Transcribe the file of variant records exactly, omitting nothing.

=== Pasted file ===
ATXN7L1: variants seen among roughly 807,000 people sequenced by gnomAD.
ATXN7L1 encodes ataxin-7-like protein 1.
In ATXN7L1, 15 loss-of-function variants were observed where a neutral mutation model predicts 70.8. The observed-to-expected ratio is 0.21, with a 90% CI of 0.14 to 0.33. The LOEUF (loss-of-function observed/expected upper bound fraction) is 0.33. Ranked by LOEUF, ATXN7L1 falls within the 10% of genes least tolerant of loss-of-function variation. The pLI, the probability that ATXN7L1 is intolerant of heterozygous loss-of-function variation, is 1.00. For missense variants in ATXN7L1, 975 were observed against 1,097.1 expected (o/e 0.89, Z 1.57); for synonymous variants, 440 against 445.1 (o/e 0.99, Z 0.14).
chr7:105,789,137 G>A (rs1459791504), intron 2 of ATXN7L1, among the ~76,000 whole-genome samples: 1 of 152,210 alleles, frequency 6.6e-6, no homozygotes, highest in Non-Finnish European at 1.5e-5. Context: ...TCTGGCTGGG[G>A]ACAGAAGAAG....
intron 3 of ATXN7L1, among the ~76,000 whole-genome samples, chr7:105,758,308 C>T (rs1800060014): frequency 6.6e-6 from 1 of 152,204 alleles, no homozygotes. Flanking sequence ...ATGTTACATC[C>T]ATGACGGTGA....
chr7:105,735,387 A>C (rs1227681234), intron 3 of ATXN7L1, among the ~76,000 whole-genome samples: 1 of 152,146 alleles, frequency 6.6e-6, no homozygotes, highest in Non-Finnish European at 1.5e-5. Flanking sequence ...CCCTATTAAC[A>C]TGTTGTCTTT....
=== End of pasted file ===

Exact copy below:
ATXN7L1: variants seen among roughly 807,000 people sequenced by gnomAD.
ATXN7L1 encodes ataxin-7-like protein 1.
In ATXN7L1, 15 loss-of-function variants were observed where a neutral mutation model predicts 70.8. The observed-to-expected ratio is 0.21, with a 90% CI of 0.14 to 0.33. The LOEUF (loss-of-function observed/expected upper bound fraction) is 0.33. Ranked by LOEUF, ATXN7L1 falls within the 10% of genes least tolerant of loss-of-function variation. The pLI, the probability that ATXN7L1 is intolerant of heterozygous loss-of-function variation, is 1.00. For missense variants in ATXN7L1, 975 were observed against 1,097.1 expected (o/e 0.89, Z 1.57); for synonymous variants, 440 against 445.1 (o/e 0.99, Z 0.14).
chr7:105,789,137 G>A (rs1459791504), intron 2 of ATXN7L1, among the ~76,000 whole-genome samples: 1 of 152,210 alleles, frequency 6.6e-6, no homozygotes, highest in Non-Finnish European at 1.5e-5. Context: ...TCTGGCTGGG[G>A]ACAGAAGAAG....
intron 3 of ATXN7L1, among the ~76,000 whole-genome samples, chr7:105,758,308 C>T (rs1800060014): frequency 6.6e-6 from 1 of 152,204 alleles, no homozygotes. Flanking sequence ...ATGTTACATC[C>T]ATGACGGTGA....
chr7:105,735,387 A>C (rs1227681234), intron 3 of ATXN7L1, among the ~76,000 whole-genome samples: 1 of 152,146 alleles, frequency 6.6e-6, no homozygotes, highest in Non-Finnish European at 1.5e-5. Flanking sequence ...CCCTATTAAC[A>C]TGTTGTCTTT....